Canadian Mining Journal

Feature

Getting a handle on remote mine costs

How cost estimating can help guide project decisions early on



It is becoming harder and harder to find the next mine. While the benefits of hunting for deposits in developed areas are clear, explorers are being forced to go into more difficult areas to find the next big discovery. Companies must understand that finding a deposit is just the beginning and that a thorough understanding of costs is essential. By developing cost models, an evaluator can determine where to best spend precious dollars and make the all-important go or no-go decisions.

In Canada, this means that companies are looking to develop new mines in the harsh conditions of the North.

Fortunately, Canada has a strong history of mining in the North from previous operations such as Cantung, Polaris, Pine Point and Faro to current producers such as Diavik, Meadowbank, Ekati and Minto, where building and operating mines in harsh conditions is just another day at the office.

To get a sense of what companies are working on, we searched the Mining Intelligence database to see which projects had reported moving beyond advanced exploration. Of the 111 Canadian developing projects in the database, 34 of them were located in remote areas which either have no infrastructure available or will require additional infrastructure.

The biggest hurdle that any new project has going forward is economic.

The figure below illustrates these projects by stage of development. Clearly, projects in remote locations are going to become more and more important as Canada develops new mines.

Evaluating the cost of building and operating mines in remote environments is critical to understanding the economics.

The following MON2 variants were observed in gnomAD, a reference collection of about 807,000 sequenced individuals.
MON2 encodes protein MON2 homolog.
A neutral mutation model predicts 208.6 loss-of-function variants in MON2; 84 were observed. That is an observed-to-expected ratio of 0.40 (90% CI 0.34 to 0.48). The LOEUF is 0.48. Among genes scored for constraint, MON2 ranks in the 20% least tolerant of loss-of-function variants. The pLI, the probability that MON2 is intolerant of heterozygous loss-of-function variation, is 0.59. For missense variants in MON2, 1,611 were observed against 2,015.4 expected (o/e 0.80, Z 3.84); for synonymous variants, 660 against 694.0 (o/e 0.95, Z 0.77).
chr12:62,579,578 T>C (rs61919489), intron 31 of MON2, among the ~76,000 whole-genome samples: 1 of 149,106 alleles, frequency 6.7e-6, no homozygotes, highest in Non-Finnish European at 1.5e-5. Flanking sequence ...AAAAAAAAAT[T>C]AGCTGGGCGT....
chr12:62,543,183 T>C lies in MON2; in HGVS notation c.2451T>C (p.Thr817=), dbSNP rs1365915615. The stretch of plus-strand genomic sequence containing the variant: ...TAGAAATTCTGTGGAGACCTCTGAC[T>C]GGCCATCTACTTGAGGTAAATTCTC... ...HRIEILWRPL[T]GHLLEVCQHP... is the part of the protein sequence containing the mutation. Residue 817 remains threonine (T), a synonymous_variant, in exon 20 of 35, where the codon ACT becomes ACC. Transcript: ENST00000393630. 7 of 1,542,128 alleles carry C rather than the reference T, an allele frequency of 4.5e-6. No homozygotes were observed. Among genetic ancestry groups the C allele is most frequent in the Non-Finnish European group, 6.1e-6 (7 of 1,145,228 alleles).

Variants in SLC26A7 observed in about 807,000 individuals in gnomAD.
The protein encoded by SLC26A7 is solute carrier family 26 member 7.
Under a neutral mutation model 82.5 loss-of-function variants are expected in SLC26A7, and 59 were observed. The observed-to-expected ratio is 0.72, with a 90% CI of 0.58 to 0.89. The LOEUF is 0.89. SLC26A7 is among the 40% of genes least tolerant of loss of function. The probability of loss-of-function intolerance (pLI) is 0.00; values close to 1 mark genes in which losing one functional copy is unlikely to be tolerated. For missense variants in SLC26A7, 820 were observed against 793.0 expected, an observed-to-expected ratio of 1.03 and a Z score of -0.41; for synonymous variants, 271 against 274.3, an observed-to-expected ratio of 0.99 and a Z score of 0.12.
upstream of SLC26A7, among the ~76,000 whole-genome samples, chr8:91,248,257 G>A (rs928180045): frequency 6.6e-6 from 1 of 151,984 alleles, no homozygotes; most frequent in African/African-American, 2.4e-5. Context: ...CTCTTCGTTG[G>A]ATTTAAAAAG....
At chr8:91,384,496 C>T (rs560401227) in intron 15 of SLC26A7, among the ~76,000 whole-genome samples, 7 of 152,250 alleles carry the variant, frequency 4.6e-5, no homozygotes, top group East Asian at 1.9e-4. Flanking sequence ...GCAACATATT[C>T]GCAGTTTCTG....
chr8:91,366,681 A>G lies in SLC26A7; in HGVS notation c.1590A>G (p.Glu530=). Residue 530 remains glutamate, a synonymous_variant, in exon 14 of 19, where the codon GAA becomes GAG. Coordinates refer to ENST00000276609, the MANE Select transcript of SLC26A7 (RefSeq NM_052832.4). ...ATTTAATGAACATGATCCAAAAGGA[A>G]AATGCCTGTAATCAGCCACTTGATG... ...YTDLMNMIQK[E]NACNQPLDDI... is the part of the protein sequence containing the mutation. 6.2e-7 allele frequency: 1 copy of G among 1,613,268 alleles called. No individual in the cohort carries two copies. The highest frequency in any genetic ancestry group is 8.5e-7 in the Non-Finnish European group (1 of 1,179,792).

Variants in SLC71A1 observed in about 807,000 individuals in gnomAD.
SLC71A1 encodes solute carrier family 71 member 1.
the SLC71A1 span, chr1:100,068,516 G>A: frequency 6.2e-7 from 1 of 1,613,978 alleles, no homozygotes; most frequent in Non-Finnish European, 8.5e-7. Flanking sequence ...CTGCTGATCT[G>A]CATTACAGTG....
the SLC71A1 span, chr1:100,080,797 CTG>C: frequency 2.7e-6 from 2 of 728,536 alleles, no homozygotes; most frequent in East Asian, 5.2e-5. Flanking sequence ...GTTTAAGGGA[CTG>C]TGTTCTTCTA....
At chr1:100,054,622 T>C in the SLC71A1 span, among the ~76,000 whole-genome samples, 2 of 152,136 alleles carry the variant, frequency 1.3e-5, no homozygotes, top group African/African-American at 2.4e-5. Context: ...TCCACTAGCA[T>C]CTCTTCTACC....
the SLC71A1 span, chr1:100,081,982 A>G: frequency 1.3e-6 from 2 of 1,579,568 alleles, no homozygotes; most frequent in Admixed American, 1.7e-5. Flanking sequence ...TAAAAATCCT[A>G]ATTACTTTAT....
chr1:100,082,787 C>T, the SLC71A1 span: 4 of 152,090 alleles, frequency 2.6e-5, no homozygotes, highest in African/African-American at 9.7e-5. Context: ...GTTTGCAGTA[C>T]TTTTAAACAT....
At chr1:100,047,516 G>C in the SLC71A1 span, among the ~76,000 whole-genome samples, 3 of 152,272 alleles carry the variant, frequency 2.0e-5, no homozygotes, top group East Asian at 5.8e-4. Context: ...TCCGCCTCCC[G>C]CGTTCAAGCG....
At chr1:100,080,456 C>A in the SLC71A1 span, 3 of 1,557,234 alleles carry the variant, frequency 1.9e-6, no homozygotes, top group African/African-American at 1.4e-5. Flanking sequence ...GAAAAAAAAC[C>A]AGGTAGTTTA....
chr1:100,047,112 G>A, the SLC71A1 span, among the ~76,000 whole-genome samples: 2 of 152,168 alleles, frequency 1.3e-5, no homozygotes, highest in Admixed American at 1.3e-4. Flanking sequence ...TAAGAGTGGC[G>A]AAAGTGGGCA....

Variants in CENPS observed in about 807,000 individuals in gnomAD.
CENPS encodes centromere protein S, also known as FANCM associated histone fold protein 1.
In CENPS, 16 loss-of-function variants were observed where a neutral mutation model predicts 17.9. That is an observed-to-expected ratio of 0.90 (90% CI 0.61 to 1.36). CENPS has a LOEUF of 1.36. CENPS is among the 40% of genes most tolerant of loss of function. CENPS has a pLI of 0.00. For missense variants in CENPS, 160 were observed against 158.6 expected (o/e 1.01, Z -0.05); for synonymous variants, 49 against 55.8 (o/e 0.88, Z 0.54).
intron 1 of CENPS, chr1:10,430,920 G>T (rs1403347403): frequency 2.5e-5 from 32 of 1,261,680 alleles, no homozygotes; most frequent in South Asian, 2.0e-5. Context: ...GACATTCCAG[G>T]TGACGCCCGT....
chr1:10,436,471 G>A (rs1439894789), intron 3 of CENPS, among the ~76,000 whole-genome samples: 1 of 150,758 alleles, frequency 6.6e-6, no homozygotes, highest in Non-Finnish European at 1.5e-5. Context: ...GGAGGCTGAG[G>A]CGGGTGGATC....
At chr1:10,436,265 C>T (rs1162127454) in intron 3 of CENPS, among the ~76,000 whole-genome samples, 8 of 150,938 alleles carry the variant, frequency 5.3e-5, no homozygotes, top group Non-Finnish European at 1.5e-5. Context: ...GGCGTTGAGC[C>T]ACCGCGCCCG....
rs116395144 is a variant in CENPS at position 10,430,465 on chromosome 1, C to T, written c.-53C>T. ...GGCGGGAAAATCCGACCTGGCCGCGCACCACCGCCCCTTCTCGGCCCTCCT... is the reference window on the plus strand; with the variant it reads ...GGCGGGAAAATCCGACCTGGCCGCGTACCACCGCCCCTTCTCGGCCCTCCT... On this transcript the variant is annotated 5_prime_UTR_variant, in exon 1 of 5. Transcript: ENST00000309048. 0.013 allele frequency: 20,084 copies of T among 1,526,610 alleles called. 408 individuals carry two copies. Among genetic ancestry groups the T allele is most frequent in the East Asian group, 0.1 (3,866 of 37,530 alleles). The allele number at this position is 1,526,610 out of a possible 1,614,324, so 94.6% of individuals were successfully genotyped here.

CostMine, a division of Mining Intelligence, has been evaluating projects and collecting data on supplies, equipment, labour and other key costs since 1983.

In this article, we wanted to see what difference location would make if all of the other parameters at a theoretical gold mine were the same. We used the same resources, grade, mining method, processing method and deposit type for each model. The only difference between the two models was location. By comparing the models, we could examine the differences between operating in a developed region where infrastructure is already in place, to operating in a remote region where roads, power, supplies and a local workforce do not exist.

The theoretical mine models in this article do not attempt to evaluate any current mine and are only used to illustrate the challenges.

Both models are open pit gold mines with an associated mill. They are assumed to be located in Ontario, one in a remote location and one with ready access to infrastructure. Our remote mine example will have a fly-in, fly-out camp, a winter generators and an airstrip. We have assumed that both mines will have the same operating parameters for the open pit mine and the mill.

All of the costs listed are in Canadian dollars, with the exception of the commodity prices which are in US dollars.